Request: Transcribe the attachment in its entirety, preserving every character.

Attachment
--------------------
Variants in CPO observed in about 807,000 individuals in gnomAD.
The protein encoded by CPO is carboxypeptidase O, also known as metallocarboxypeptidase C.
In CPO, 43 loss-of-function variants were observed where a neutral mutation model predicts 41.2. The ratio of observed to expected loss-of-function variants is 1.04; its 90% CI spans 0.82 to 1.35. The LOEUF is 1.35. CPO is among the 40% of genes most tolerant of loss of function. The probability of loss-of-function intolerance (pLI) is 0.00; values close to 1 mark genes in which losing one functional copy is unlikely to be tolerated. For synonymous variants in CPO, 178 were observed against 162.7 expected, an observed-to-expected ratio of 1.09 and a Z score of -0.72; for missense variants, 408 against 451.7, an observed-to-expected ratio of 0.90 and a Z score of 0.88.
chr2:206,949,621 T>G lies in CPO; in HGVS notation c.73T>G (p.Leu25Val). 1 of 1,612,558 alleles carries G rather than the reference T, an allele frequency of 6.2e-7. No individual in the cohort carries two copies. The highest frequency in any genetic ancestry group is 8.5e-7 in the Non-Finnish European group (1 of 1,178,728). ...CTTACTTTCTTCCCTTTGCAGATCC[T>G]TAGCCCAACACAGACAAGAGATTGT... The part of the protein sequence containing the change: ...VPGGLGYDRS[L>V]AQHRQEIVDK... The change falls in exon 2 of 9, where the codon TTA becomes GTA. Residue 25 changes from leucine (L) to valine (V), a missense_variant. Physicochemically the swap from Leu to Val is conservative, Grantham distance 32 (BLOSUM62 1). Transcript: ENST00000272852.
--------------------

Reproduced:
Variants in CPO observed in about 807,000 individuals in gnomAD.
The protein encoded by CPO is carboxypeptidase O, also known as metallocarboxypeptidase C.
In CPO, 43 loss-of-function variants were observed where a neutral mutation model predicts 41.2. The ratio of observed to expected loss-of-function variants is 1.04; its 90% CI spans 0.82 to 1.35. The LOEUF is 1.35. CPO is among the 40% of genes most tolerant of loss of function. The probability of loss-of-function intolerance (pLI) is 0.00; values close to 1 mark genes in which losing one functional copy is unlikely to be tolerated. For synonymous variants in CPO, 178 were observed against 162.7 expected, an observed-to-expected ratio of 1.09 and a Z score of -0.72; for missense variants, 408 against 451.7, an observed-to-expected ratio of 0.90 and a Z score of 0.88.
chr2:206,949,621 T>G lies in CPO; in HGVS notation c.73T>G (p.Leu25Val). 1 of 1,612,558 alleles carries G rather than the reference T, an allele frequency of 6.2e-7. No individual in the cohort carries two copies. The highest frequency in any genetic ancestry group is 8.5e-7 in the Non-Finnish European group (1 of 1,178,728). ...CTTACTTTCTTCCCTTTGCAGATCC[T>G]TAGCCCAACACAGACAAGAGATTGT... The part of the protein sequence containing the change: ...VPGGLGYDRS[L>V]AQHRQEIVDK... The change falls in exon 2 of 9, where the codon TTA becomes GTA. Residue 25 changes from leucine (L) to valine (V), a missense_variant. Physicochemically the swap from Leu to Val is conservative, Grantham distance 32 (BLOSUM62 1). Transcript: ENST00000272852.